Miftah Ismail Steps Down from his Position

The resignation came after it was formally decided in the party meeting of the Pakistan Muslim League-Nawaz that Pakistan needs a new finance minister.

News Desk
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Miftah Ismail Steps Down from his Position
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Pakistan’s Finance Minister Miftah Ismail has said that he will formally step down from his position. He is the fifth finance minister to step down in less than four years. The recent floods have made the country’s economic situation worse.

In a Sunday tweet, Ismail said, “I have verbally resigned as Finance Minister.” He added that he had told Prime Minister Shehbaz Sharif of his plans during a meeting. “When I get to Pakistan, I will give a formal resignation,” he said. Ismail and Sharif are in London now, but they will return to Pakistan at the beginning of next week.

Pakistan’s economy has been in trouble for a long time. Its current account deficit has worsened, and rising prices have put pressure on families and businesses. The crisis worsened this month when devastating floods caused damage estimated at $30 billion and killed more than 1,500 people.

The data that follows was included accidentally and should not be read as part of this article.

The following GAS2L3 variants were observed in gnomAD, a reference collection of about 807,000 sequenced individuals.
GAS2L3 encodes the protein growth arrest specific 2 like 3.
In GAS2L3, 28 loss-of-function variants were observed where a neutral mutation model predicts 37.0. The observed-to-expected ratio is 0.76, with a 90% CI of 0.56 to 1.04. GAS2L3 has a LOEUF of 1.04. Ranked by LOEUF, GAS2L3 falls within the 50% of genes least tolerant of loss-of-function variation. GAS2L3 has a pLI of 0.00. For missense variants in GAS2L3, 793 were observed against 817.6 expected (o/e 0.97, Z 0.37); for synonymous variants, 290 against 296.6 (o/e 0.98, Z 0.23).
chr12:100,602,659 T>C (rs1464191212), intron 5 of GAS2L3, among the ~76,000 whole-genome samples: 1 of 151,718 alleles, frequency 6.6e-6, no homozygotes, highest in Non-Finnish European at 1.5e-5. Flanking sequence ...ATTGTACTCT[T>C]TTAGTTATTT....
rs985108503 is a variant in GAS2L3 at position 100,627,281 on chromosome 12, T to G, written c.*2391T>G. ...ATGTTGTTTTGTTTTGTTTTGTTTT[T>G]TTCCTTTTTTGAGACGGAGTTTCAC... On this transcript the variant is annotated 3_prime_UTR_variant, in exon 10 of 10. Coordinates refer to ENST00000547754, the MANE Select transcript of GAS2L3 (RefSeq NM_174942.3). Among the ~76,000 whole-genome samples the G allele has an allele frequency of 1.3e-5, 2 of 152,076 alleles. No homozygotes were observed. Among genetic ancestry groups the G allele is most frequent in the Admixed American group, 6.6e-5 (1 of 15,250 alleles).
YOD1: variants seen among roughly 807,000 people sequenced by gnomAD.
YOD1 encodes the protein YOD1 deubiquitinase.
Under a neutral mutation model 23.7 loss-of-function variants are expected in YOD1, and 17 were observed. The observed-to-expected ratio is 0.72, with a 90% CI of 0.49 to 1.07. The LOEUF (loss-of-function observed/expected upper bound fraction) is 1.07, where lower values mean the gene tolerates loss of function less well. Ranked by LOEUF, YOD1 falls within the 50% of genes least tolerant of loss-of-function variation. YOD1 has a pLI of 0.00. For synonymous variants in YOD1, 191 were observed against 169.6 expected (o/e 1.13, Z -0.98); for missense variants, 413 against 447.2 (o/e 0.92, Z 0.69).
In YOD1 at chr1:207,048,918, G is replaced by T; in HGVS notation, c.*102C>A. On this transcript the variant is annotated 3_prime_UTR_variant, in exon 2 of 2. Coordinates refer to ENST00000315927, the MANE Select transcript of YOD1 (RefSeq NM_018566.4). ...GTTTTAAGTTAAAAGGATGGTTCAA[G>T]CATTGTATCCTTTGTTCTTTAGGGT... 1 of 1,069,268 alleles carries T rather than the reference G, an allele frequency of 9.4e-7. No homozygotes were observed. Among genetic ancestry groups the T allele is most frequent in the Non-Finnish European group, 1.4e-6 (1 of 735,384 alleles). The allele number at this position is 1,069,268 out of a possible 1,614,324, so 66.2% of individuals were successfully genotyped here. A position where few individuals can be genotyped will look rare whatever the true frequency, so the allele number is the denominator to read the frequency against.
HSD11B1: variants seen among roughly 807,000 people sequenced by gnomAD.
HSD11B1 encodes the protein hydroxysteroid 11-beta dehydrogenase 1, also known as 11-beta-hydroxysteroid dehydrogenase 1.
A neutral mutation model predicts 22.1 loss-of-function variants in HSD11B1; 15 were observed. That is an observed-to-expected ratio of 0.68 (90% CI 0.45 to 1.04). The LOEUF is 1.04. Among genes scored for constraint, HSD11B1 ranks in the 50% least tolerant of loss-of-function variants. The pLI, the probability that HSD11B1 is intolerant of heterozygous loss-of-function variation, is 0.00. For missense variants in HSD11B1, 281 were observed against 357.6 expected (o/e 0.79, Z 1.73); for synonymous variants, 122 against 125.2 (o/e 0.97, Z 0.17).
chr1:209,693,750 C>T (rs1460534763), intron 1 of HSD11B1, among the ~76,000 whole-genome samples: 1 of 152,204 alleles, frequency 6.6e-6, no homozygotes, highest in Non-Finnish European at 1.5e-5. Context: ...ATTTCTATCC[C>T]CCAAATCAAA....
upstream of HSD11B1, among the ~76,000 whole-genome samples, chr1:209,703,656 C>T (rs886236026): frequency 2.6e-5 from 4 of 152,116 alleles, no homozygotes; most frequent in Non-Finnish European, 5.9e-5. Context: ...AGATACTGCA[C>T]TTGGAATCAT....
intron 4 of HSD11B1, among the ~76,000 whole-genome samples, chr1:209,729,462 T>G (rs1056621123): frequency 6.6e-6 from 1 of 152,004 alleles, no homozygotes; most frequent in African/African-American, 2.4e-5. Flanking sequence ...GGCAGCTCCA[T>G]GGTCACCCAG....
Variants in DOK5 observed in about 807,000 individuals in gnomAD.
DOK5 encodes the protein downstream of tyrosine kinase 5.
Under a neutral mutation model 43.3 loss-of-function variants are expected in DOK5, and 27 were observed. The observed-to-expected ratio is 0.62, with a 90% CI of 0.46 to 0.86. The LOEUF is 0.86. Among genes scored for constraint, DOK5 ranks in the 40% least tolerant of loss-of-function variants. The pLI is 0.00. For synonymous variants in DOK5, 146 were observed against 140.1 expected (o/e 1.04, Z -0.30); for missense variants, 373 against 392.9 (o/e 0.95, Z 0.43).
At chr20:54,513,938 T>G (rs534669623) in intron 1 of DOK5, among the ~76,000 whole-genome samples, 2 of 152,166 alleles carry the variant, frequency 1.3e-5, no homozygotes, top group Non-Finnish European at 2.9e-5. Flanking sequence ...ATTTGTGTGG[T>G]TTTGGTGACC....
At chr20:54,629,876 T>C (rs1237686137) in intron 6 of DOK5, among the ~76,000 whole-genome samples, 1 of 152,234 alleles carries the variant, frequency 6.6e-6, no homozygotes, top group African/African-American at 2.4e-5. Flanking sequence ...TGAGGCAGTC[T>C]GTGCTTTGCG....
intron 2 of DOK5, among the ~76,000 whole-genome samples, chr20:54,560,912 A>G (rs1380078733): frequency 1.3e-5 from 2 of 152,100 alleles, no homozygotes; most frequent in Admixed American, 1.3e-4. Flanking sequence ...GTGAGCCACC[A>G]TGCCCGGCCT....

On Saturday, the World Bank said it would give Pakistan about $2 billion in aid. Martin Raiser, the vice president of the World Bank for South Asia, made the promise in a statement late Saturday night. He had just finished his first official trip to the country.

“We are very saddened by the loss of lives and ways of making a living because of the terrible floods, and we are working with the federal and provincial governments to help those who are hurting the most right away,” he said.

In a meeting with Sharif last week at the UN General Assembly, the World Bank agreed to give Pakistan $850 million to help with flood damage. This amount is part of the $2 billion total.

In the last two months, Pakistan has sent nearly 10,000 doctors, nurses, and other medical workers to Sindh province, which was hit the hardest by the floods. They are helping the people there get better.

Ismail and the prime minister told investors on Friday that the South Asian country was trying to get debt relief from its bilateral creditors. They stressed that the government would not try to get debt relief from commercial banks or Eurobond creditors.

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